Airfare Daily Deals eCigarettes Eyeglasses Hotels Jewelry Online Backup Online Dating Online Printing Online Tickets Skin Care Textbook Rentals Vitamins Web Hosting Weddings
Find coupons, reviews and similar sites for any retailer
SEARCH

How to Knit a Round Rug Without a Pattern

Want to knit a round rug? Simply knit a flat circle. These directions work in every situation.

Round rugs are not as common as rectangular or oval rugs and that's a pity because round rugs have the ability to pull together either small sitting areas or entire rooms, welcoming everyone who gathers. Round rugs are not difficult to knit. There are a few simple rules that guarantee that your round rug will lay flat and look beautiful on your floor.

To make a round rug without a pattern, you will need to do increases on every other row to keep the rug expanding correctly. To increase, you can make a yarn over between stitches, which works well with a rag rug but will make a "holey" center with some thinner yarns. If you knit in front and back of a stitch, you will avoid the holes but the fabric will look as if it had knots. The third way to knit an increase is to pick up and knit the loop between stitches in the round below the round you're knitting. This gives a smooth increase because the new stitch "just appears" without any lumps or holes.

Here is the way to knit a circular rug that will stay flat without ruffles, humps or curling edges:

What you will need:

At least two sets of double pointed needles or one long circular needle, length depending on the size of rug you want to knit.

Yarn, raffia, rope, cloth strips or whatever you want to make the rug from.

You won't need a pattern, because you simply knit the rug until it's as large as you want it to be.

First, choose the size of needle that feels comfortable and works well with the yarn you want to use. If the needle is too small, the stitches will be hard to make and the rug will be dense and stiff. If the needle is too large, the rug will be limp and look lacey. If you're using yarn, look on the label for the right size of needle, or experiment until you get the look and feel you want.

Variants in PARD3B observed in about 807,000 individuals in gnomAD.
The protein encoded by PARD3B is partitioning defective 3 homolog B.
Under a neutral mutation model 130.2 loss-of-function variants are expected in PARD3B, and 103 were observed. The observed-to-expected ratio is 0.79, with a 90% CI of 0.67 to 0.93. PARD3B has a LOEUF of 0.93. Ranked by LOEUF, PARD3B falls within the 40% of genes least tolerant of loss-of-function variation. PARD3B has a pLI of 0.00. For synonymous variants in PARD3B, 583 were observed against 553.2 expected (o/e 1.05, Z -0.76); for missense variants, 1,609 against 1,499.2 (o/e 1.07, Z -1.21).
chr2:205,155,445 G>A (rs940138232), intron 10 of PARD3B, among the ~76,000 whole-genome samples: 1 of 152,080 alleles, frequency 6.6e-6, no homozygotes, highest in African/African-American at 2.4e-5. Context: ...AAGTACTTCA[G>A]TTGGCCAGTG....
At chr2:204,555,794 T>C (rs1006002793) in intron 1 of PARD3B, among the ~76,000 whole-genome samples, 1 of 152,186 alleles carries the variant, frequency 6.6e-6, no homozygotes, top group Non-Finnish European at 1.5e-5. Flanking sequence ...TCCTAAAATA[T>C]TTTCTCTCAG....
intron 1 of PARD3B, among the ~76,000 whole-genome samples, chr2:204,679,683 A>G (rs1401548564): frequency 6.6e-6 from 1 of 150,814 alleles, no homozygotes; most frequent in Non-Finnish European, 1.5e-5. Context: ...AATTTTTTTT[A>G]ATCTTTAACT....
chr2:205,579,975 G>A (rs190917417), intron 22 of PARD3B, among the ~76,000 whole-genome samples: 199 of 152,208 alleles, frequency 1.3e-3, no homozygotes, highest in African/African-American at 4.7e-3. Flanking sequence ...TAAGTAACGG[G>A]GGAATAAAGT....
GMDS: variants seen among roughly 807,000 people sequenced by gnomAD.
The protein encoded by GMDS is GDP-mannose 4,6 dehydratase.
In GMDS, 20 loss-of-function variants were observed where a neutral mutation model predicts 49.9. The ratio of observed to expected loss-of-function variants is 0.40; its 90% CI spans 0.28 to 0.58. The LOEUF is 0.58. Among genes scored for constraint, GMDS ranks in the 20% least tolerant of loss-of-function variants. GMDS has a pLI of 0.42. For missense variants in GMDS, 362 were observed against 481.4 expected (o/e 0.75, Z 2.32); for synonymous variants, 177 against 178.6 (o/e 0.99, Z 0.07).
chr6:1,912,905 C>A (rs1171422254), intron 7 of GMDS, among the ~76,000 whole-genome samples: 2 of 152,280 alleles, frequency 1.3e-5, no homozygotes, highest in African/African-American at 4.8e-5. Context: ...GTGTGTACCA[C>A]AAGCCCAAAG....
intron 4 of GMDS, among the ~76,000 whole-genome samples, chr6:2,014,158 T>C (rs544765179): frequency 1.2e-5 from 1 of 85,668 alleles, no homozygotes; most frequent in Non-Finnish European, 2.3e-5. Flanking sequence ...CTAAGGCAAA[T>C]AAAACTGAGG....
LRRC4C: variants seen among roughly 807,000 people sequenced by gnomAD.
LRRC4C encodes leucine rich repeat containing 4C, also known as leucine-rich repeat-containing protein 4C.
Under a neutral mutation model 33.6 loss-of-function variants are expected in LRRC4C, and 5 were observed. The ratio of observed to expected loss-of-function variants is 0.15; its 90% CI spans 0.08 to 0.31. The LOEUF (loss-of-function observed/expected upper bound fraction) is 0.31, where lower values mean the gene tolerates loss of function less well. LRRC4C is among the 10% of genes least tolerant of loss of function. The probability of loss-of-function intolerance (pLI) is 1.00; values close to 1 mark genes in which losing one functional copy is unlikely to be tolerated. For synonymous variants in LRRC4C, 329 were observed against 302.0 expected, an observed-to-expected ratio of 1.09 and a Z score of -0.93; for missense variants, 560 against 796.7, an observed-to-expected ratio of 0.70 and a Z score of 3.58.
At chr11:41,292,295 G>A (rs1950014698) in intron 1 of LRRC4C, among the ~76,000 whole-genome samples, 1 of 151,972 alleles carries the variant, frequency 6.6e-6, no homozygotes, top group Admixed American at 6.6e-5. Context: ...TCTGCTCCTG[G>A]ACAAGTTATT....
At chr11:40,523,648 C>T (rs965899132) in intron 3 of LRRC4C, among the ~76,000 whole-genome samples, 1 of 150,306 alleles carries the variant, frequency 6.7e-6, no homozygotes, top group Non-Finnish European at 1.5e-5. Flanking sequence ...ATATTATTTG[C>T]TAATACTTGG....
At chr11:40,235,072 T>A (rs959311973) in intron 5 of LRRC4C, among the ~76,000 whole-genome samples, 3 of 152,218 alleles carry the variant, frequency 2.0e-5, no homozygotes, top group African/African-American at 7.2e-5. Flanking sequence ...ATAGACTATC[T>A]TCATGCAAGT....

Simple stitches like stockinette or garter stitch work well for circular pieces, at least until you are very familiar with the concept.

The basic method to knitting a circle which will stay flat is to increase eight stitches every other round.

To begin:

Cast on eight stitches and divide on three or four double point needles. Knit the first round, then on the second round, increase one stitch in every stitch. You should have 16 stitches.

Knit the next round, then on the next round, increase one stitch in every other stitch. You will have 24 stitches at the end of this round. Count them to be sure. If you're off, you will have to undo your stitches until you find the mistake.

Knit another round, then in the next round, increase one stitch in every third stitch. You should have 32 stitches by now. Again, count them to be sure.

Continue increasing eight stitches every other round, following the method: Next increase round, increase every fourth stitch, next increase round, increase every fifth stitch and so on.

When the rug gets as big as you want it, bind it off.

Tips that might help:

If you're using different colors, don't start with a dark color for the center. This will give your rug a "bulls-eye" look.

Start with a smaller circular needle or four double point needles and change or add as your rug grows.

To keep track of your work, always stop with a plain row, ready for an increase row. That way, you'll know that every time you pick up your work, you have to do an increase row.

If you lose track of which stitch you're supposed to increase, count stitches and divide by eight. Your answer will be the last increases. For instance if you have 80 stitches and divide by eight, the answer will be 10. That means the last increase round you worked, you increased on every 10th stitch, so the next time will be every 11th stitch.

If there's a hole in the center of the rug where you cast on, use the tail and sew it closed.

Need an answer?
Get insightful answers from community-recommended
experts
in Knitting & Crocheting on Knoji.
Would you recommend this author as an expert in Knitting & Crocheting?
You have 0 recommendations remaining to grant today.
Comments (4)

Here's one thing I know nothing about but I do recognize an extremely well written article when I see it.

P.S. We are back to that silly "no vote" thingy giggy" again.

Now you got me going girl...thanks for the knitting advice...

Thanks, Beverly! ;)

ARTICLE DETAILS
RELATED ARTICLES
ARTICLE KEYWORDS
RELATED DEALS & OFFERS